United States: Although colorectal cancer emerges among younger patients with the number of cases rising, doctors are sounding a warning of a condition that tends to be invisible but is of enormous concern.

It is a genetic condition that affects the case of many cancers development.

Dr. Matthew Grossman – a specialist in intestinal endoscopic (ESI) and gastroenterology with Atlantic Health System in New Jersey – illustrated the effect of Lynch syndrome on human DNA.

He said, “Think of DNA as a ladder,” and, “Normally, errors in the rungs — called mismatches — are fixed by a repair system. In Lynch syndrome, this system is faulty, increasing the risk of mismatches,” reported Fox News.

Due to that defect of mismatch repair, an individual would have a much higher risk of developing the mutations and malformation of cells which will form cancer, said the physician.

Grossman added, “Lynch syndrome is a type of germline mutation, meaning it’s inherited genetically, versus a somatic mutation, which can happen spontaneously to only a few cells.”

Dr. Ajay Bansal from the gastroenterologist department of the University of Kansas Medical Center pointed out that Lynch syndrome remains a barely recognized condition because 95 percent of its patients have no idea that they are actually suffering from it.

He said, “They are not aware that they are at increased risk for not only colon cancer, but also uterine, ovarian, stomach, small bowel, kidney, bladder and perhaps brain cancer,” and, “So it’s very underdiagnosed.”

Another cause why a lot of people are probably unaware of this condition is because it is actually a “silent” disorder. “It doesn’t cause any symptoms until you have cancer,” said Bansal.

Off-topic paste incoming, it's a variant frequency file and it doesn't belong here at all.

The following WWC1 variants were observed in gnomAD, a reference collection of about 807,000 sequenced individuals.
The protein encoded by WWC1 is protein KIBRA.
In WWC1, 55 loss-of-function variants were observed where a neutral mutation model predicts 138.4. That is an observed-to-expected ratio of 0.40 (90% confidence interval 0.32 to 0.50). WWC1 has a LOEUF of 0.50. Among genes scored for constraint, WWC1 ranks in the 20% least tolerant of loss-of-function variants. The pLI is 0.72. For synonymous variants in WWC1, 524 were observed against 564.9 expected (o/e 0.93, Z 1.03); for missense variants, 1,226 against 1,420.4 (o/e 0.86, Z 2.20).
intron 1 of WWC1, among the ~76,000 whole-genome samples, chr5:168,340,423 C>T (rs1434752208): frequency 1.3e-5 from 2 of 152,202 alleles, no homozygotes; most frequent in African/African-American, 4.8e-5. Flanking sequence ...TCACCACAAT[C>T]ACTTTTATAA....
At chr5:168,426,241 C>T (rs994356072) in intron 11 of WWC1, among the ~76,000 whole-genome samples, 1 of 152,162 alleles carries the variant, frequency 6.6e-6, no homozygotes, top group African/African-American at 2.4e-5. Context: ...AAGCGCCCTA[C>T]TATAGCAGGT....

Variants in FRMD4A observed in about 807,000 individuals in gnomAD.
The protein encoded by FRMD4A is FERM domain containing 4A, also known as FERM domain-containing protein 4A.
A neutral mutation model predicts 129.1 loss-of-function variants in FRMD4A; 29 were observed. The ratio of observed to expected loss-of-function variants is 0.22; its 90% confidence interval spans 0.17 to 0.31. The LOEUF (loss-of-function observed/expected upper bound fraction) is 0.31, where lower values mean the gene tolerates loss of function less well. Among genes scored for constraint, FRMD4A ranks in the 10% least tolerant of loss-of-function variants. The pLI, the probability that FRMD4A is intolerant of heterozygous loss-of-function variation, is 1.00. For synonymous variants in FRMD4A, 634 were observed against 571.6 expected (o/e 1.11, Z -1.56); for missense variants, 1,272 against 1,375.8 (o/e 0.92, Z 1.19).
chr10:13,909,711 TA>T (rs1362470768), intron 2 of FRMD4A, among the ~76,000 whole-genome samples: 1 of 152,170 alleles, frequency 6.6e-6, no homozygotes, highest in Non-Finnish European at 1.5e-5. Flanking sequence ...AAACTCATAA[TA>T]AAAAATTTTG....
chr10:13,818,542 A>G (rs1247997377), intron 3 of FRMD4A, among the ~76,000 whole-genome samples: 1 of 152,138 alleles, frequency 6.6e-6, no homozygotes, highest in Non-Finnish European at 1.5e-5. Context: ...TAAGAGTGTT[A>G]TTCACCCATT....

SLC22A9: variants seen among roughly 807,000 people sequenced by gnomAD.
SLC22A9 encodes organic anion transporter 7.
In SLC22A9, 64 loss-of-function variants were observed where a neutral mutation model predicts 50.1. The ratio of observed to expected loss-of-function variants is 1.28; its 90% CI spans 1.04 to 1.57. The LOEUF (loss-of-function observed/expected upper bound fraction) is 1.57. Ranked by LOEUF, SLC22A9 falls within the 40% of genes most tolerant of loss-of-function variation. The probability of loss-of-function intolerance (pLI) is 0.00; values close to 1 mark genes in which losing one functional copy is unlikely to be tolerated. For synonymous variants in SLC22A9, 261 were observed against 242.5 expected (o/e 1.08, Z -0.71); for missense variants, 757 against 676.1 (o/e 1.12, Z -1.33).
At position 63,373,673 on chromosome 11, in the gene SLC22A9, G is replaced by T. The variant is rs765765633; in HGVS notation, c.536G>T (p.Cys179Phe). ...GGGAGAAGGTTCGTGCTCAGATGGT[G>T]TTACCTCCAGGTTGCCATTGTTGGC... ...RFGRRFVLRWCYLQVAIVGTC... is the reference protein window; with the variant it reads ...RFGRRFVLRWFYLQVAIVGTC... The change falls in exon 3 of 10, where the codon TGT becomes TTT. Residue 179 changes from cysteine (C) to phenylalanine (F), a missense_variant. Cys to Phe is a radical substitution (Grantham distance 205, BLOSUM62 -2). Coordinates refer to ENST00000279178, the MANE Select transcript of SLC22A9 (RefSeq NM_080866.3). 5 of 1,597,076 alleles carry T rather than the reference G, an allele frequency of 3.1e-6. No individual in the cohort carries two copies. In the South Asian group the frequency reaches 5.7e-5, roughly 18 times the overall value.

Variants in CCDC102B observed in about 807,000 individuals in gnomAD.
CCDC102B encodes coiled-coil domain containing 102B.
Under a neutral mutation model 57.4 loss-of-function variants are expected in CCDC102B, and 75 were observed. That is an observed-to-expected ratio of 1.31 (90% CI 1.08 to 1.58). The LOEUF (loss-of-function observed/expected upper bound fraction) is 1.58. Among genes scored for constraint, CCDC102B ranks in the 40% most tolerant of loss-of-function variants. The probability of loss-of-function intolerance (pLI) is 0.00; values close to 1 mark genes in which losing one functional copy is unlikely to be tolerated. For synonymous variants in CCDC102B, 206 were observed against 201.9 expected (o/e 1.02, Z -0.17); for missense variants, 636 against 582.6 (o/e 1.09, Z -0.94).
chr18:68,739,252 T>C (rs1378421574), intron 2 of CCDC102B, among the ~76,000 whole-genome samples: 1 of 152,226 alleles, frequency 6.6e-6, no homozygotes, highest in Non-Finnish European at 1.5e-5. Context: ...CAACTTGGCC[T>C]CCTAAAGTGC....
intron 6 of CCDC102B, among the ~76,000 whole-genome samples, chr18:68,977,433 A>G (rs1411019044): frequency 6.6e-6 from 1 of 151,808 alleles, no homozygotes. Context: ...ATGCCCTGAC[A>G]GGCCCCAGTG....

There are two main cancers among those who develop the syndrome: colon and rectal cancer and endometrial cancer, reported Fox News.

Lynch syndrome diagnosis

Bansal added, “If a patient has a family history of multiple colon cancers or multiple other cancers in the family, or if somebody in the family had colon cancer or uterine cancer under the age of 50, we recommend genetic testing to confirm the syndrome.”

Patients between 18 to 25 years, and who are in these categories, are mostly tested for Lynch syndrome.

Bansal added, “It’s not approved for the general population, mainly because of costs and insurance concerns,”

He further stated, “For that criteria, if patients have three or more relatives with one of the affecting cancers on the same side of the family, and this is seen in two or more generations with at least one person under age 50, that is highly diagnostic of Lynch syndrome and they should discuss the condition with a doctor.”

How to cure yourself once diagnosed with the disease?

There is no treatment nor definitive “cure” for Lynch syndrome since it’s the outcome of gene mutation.

The patients, whose sample testing is positive, should closely watch out for the early signs of cancer through specific screening tests, especially colonoscopies, says Bansal, reported Fox News.

The screening guidelines are designed to be flexible and take into account the individual patient. In the general population, among people without Lynch syndrome, it is recommended to start colonoscopies at the age of 45.

Likely, for patients with Lynch Syndrome (of course, earlier in cases with more aggressive phenotypes and genotypes), Bansal advised beginning early colonoscopies (at least by the age of 25) biannually, whereas, for patients with other types of hereditary colon cancers, less frequent colonoscopies are recommended.

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